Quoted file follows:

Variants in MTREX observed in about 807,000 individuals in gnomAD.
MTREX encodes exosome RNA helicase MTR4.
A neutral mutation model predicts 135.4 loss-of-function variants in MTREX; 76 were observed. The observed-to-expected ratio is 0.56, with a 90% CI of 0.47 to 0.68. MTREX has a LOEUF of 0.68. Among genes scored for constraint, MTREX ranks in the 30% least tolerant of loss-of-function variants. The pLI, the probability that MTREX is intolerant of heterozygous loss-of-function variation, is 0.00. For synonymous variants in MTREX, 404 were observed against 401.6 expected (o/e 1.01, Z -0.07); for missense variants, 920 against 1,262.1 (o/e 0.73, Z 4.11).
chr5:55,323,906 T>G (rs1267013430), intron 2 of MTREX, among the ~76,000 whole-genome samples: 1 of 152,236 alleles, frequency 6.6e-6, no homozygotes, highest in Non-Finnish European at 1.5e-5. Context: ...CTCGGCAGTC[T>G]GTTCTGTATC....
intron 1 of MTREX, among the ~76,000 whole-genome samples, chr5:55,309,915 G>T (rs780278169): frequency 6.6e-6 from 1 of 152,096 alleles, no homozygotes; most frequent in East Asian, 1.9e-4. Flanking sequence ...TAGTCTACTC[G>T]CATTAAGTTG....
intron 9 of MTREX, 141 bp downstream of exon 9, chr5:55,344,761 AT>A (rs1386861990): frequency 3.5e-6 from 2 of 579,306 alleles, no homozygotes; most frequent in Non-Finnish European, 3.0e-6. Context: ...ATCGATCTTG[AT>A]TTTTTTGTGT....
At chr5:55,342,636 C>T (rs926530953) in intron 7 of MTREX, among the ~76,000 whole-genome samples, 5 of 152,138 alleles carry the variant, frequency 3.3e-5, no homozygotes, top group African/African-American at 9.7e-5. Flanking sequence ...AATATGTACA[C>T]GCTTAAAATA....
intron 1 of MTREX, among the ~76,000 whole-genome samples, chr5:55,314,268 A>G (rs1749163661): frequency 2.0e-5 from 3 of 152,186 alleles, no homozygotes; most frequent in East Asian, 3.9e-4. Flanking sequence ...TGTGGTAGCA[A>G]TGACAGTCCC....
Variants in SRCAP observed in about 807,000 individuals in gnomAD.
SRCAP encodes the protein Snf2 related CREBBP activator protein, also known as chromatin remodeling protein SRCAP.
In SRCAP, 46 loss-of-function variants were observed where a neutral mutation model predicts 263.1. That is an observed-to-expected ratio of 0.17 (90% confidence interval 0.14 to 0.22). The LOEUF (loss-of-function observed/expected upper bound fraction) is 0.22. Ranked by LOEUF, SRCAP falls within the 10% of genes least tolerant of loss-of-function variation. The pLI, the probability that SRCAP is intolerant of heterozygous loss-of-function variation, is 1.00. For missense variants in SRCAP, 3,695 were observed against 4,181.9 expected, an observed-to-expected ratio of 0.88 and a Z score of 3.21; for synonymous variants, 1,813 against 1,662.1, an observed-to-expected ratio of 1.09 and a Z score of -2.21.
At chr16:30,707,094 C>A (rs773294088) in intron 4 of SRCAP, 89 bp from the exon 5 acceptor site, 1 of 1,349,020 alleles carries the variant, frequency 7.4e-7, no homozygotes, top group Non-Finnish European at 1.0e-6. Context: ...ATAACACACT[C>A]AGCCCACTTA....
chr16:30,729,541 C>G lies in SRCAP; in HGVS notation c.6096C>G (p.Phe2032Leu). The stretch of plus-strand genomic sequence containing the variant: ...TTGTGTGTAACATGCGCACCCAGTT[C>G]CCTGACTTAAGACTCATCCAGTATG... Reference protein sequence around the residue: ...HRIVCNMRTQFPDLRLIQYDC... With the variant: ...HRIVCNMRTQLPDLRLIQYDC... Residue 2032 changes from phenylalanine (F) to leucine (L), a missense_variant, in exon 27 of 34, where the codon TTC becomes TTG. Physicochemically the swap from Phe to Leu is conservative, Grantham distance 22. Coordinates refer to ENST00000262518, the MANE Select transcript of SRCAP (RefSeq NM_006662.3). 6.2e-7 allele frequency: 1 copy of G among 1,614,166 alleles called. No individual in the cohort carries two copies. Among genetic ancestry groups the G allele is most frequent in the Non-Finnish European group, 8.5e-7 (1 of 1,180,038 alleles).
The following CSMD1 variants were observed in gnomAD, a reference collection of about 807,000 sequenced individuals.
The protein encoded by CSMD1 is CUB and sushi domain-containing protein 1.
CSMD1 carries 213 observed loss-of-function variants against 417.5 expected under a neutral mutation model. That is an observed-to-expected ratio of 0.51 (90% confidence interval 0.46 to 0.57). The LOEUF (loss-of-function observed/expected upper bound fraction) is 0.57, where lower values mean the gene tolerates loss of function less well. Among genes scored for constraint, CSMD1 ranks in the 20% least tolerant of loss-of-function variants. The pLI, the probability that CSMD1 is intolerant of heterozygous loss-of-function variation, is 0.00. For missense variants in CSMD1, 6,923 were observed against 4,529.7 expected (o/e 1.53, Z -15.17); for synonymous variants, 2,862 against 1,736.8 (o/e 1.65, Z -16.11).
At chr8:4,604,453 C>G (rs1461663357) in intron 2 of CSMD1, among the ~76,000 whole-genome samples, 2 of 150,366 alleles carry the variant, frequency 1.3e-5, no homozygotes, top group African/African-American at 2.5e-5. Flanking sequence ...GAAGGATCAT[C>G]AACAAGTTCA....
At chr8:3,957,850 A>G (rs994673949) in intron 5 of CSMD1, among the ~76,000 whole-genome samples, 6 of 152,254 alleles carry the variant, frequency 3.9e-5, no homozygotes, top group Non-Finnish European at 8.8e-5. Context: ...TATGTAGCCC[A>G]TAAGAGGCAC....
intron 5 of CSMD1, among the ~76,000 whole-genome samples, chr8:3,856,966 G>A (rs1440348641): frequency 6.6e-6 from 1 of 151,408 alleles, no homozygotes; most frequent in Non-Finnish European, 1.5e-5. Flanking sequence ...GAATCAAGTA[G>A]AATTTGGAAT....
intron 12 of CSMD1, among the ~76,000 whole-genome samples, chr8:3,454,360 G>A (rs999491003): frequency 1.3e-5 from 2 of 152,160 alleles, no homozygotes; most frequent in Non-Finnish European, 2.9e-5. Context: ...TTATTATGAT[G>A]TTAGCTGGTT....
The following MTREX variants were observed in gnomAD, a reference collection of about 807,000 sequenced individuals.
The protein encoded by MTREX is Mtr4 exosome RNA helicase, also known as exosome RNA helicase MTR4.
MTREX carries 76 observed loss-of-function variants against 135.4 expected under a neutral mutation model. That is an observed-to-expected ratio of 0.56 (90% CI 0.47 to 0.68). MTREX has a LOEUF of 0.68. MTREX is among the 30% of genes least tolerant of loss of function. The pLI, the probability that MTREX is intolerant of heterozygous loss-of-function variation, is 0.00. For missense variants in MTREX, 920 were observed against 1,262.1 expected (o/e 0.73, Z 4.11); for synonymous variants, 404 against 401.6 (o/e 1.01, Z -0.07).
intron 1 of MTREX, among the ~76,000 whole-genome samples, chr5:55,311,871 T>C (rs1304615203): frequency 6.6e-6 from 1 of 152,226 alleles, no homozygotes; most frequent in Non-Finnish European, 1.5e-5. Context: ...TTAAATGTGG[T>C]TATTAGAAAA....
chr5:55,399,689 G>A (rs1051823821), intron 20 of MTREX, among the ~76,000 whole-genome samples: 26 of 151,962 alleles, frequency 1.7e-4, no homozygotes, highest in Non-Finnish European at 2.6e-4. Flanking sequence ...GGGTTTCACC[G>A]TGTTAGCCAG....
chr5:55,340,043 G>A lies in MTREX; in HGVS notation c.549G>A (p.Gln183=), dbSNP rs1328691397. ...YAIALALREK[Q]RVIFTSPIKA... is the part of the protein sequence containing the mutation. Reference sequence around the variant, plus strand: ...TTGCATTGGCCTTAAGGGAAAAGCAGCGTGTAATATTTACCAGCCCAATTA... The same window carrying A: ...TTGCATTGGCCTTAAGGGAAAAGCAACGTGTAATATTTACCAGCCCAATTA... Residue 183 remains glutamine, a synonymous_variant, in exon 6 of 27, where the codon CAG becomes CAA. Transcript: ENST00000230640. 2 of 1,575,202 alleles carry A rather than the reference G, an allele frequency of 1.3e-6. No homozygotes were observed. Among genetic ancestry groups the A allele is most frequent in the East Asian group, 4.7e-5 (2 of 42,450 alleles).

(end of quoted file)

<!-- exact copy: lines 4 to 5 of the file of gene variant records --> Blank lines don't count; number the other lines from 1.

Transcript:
chr5:55,323,906 T>G (rs1267013430), intron 2 of MTREX, among the ~76,000 whole-genome samples: 1 of 152,236 alleles, frequency 6.6e-6, no homozygotes, highest in Non-Finnish European at 1.5e-5. Context: ...CTCGGCAGTC[T>G]GTTCTGTATC....
intron 1 of MTREX, among the ~76,000 whole-genome samples, chr5:55,309,915 G>T (rs780278169): frequency 6.6e-6 from 1 of 152,096 alleles, no homozygotes; most frequent in East Asian, 1.9e-4. Flanking sequence ...TAGTCTACTC[G>T]CATTAAGTTG....